• Provide a realistic timeline for the creation of your class’s work, and be flexible with deadlines as needed
  • Respect the concerns of your students and provide them the time and space to address sophisticated ideas on their own terms
  • Challenge and inspire your students; praise them freely, but honestly
  • Create a safe space for collaboration, where you can take learning and creative risks along with your students
  • Be artistic along with your students

—excerpted from Ames and Brooks, p. 10.

Teacher helping students with writing | monkeybusinessimages



Opera companies across the country work with teachers and teaching artists to bring the MWO experience to students, schools, and communities through partnerships and collaborative residencies. Teachers interested in a hands-on approach can experience this process-driven curriculum before taking it to students. This summer NAfME is featuring Music! Words! Opera! Virtual Workshop for Educators as one of its Summer Learning Opportunities. Opera Theatre of Saint Louis and Central City Opera—two flagship organizations of MWO training—are partnering to present this virtual professional development workshop.



  • Learn to create and produce original musical works in the classroom.
  • Discover arts integration strategies for core subjects.
  • Engage with fellow educators from around the country.

Join us for an interactive exploration in creating and producing original musical works from the K–12 student perspective and discovering arts integration strategies for the classroom through Mozart’s fairytale masterpiece The Magic Flute. National trainers Jeffrey Gilden, Neil Ginsberg, and Ilasiea Gray will lead the four-day workshop which is open to educators and teaching artists from all disciplines! Learn more.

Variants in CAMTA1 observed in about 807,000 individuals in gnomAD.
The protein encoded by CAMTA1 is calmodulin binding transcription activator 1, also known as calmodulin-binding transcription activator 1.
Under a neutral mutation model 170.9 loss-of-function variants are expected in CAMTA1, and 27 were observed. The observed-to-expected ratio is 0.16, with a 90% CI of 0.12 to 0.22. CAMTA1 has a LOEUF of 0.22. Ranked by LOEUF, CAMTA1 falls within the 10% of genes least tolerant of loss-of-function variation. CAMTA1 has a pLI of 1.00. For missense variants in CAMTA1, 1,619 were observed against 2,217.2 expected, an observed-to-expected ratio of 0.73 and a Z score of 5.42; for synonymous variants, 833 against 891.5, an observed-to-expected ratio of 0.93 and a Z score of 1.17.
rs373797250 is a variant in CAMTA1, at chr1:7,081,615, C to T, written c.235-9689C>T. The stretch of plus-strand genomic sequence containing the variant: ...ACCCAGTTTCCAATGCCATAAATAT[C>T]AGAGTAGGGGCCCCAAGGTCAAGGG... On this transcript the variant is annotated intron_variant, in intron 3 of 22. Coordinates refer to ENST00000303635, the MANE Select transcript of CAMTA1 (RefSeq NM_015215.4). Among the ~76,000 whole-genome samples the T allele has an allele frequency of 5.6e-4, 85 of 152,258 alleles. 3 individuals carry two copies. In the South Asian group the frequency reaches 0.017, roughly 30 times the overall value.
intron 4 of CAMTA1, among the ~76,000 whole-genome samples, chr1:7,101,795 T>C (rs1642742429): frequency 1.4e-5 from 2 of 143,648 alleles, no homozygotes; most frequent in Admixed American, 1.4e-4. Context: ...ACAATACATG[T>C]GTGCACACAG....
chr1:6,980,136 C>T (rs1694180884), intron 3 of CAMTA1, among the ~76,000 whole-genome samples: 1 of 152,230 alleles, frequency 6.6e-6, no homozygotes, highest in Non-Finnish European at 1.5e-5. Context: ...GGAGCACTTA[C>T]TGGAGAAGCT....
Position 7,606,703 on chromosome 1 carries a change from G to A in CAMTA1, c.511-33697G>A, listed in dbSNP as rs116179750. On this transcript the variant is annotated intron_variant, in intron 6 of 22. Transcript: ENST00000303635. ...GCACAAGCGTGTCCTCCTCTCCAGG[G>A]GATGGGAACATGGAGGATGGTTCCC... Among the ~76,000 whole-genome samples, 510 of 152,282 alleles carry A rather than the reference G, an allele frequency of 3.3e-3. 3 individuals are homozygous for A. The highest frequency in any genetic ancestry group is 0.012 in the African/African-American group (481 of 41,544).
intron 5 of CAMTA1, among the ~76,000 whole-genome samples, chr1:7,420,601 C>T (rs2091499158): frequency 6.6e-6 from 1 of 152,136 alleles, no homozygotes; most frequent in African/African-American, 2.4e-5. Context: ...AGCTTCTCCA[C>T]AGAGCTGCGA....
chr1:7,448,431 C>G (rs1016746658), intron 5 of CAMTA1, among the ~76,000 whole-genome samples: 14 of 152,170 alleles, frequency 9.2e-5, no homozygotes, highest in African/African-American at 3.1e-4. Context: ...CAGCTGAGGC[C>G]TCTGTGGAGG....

About the author:

Meg Ozaki Graves

Image by Amanda Tipton Photography | FB- Amanda Tipton-Photographer | IG – @amandatiptonphotography

Margaret “Meg” Ozaki Graves is the Education Coordinator at Central City Opera. She holds Bachelor and Master of Music degrees in vocal performance from Lawrence University and the University of Cincinnati College-Conservatory of Music (CCM), respectively, and a Doctor of Musical Arts in vocal and opera performance studies with a cognate in Japanese aesthetics and music from CCM. Additionally, she holds a Certificate in Diversity and Inclusion from Cornell University. Ozaki Graves’ scholarly interests include Japanese lyric diction, the works of Minoru Miki and his theory of konketstu (cultural mixture), Japanese aesthetics and music, applied vocal studies, opera education for the young, and issues of diversity, equity, and inclusion in the field of opera. Her work is published in the NATS Journal of Singing, Nikkei Today, and Discover Nikkei, an online media periodical of the Japanese American National Museum. She’s taught applied vocal studies at Ithaca College, UW-Milwaukee, CCM and CCM Prep Department, and Lawrence Academy of Music and has served as a music instructor for students of all ages, from early childhood through higher ed.

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The National Association for Music Education (NAfME) provides a number of forums for the sharing of information and opinion, including blogs and postings on our website, articles and columns in our magazines and journals, and postings to our Amplify member portal. Unless specifically noted, the views expressed in these media do not necessarily represent the policy or views of the Association, its officers, or its employees.

June 2, 2021. © National Association for Music Education (